Saturday, April 22, 2006
New Home: More than Just a Tax Deduction.
It's amazing what you learn when you move. Things like, 100 boxes still look like 100 boxes even if you put them in twice as much space, having my laundry facilities upstairs puts the "high efficiency" in the high efficiency washer, and by now Ralph Lauren should have named a child after me (or at least a favorite pet). It has been such an exhaustive and transitional few weeks, but I now write to you from the comfort of my new home office in my new home in my new city in my new county. It is amazing how the new home lies in such stark contrast to the old place, just as my life at the old place lies in stark contrast to the promise the new home brings.

Long before I ever heard the words, "I'm sorry, but it's cancer," something had crept inside of me and was taking my life. I'm not sure how it happened or even when it happened, but the signs were there. I feel like I exorcised those demons (or at least donated them to Goodwill) as I packed my belongings. The part of me that stopped living in that house years ago was bid adieu as I packed up the part of me that wants to live and set off. So far, in the new home I have unpacked purpose, passion, and pride and there are still so many boxes left to open.

I went back to the old place and instead of being sentimental remembering all the great memories, it was mournful. I flashed back to the day I sat staring at my closet unable to find anything to wear the first day I would wear my wig into the office. I remembered walking through the doors after my first chemo treatment. The house felt so dark and empty. Instead of remembering that New Year's party when I rigged balloons to fall from the ceiling, I could only remember the cold, dark days of illness. Everything about it seemed dark.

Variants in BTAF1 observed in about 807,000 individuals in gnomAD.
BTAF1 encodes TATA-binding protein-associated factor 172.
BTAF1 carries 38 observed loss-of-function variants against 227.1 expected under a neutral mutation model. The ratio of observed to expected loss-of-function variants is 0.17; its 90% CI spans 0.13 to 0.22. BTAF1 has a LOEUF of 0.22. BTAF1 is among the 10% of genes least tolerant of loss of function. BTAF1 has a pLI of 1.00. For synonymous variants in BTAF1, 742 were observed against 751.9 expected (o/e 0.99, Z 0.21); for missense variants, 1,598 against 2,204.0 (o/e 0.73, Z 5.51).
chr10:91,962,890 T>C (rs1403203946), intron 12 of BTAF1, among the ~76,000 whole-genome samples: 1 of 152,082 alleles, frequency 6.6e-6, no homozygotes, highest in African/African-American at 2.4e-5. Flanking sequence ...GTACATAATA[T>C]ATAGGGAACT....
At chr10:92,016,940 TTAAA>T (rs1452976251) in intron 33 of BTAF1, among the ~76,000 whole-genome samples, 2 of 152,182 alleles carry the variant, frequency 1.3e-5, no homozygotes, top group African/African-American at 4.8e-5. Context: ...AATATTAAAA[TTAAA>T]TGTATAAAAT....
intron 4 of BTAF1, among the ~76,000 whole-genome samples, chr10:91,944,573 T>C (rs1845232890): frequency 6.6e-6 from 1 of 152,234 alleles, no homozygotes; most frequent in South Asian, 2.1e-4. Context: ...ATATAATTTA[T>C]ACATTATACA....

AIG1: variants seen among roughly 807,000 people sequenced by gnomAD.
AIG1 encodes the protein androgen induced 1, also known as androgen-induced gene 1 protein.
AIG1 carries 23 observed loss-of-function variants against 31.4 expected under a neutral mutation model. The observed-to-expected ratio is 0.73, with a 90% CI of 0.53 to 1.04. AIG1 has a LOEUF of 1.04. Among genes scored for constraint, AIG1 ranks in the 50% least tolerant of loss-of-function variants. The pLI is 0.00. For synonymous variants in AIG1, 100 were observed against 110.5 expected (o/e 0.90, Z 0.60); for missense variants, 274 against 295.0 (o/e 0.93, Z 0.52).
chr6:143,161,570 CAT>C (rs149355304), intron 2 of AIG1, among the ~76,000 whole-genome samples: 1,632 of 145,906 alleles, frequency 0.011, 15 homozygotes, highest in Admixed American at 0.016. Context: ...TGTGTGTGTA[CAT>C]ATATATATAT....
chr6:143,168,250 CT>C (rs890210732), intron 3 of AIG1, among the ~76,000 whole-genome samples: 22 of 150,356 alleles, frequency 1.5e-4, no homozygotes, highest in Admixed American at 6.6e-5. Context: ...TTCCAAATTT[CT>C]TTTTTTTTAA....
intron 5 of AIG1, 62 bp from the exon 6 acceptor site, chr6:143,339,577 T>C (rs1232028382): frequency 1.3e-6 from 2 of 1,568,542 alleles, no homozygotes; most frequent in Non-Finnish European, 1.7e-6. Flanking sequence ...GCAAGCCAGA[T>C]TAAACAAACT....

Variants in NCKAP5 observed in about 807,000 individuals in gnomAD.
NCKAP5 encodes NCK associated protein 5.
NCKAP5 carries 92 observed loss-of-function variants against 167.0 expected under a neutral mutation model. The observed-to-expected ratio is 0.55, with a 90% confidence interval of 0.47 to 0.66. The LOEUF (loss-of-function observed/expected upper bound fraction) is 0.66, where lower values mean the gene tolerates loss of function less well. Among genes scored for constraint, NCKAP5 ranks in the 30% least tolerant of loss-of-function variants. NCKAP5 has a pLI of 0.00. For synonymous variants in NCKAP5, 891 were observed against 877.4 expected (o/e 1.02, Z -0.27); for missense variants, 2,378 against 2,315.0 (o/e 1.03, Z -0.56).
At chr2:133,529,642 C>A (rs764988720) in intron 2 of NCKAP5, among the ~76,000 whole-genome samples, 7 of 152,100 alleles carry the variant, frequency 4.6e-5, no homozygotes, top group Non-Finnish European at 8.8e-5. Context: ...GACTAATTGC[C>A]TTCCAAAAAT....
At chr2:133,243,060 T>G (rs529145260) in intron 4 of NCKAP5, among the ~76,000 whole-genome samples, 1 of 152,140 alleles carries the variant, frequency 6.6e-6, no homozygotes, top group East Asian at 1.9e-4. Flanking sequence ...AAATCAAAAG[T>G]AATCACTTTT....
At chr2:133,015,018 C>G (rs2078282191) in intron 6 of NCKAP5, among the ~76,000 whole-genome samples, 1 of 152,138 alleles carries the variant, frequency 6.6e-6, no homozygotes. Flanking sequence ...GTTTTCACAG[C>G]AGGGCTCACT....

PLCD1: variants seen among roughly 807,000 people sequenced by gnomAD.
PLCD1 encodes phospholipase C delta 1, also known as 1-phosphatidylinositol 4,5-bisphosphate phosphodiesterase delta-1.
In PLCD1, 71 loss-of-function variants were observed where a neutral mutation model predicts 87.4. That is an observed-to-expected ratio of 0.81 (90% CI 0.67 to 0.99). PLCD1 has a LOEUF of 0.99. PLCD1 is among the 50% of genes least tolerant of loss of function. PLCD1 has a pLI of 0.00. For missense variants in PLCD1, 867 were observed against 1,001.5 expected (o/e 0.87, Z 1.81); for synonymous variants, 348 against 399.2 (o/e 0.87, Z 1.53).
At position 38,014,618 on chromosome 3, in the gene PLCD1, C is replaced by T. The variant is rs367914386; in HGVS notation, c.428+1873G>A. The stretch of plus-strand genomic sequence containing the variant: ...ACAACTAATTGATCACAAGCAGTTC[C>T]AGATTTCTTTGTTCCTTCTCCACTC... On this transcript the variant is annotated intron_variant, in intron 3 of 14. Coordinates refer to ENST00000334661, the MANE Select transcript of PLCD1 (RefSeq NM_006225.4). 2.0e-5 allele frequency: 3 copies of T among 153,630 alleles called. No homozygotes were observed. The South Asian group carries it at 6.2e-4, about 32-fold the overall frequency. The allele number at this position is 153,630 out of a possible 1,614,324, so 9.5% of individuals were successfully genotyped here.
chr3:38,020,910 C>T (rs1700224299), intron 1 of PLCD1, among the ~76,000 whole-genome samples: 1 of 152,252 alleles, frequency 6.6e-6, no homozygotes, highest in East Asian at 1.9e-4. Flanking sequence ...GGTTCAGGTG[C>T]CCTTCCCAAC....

As I walk through the doors of my new home, I am struck by the light coming at me from all angles. The irises and lilies are blooming in the garden. Two young girls came to my door the first day to welcome me to the neighborhood. They came back later with three friends and sang me a song. Everything about this place screams life. It is unavoidable.

As much as I am trying to figure out what "normal" life is for me post treatment/surgery and continue to struggle with the lymphadema, the skin irritation on my legs, figuring out which neckline works with my reconstructed breasts, and adjusting to the persistent discomfort of the scar tissue, I finally feel like I have in many ways moved forward into a new phase of my life. Moving on has been as much a metaphor for my mental state as it has been a physical reality.

New home, new hope.
Written by Jeannette Vagnozzi
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Name: Jeannette
Location: Southern California, USA

This is my story about being diagnosed with breast cancer at age 39. I thought I was out of the woods, but four years late it came back. This is my quest to be a two-time survivor.

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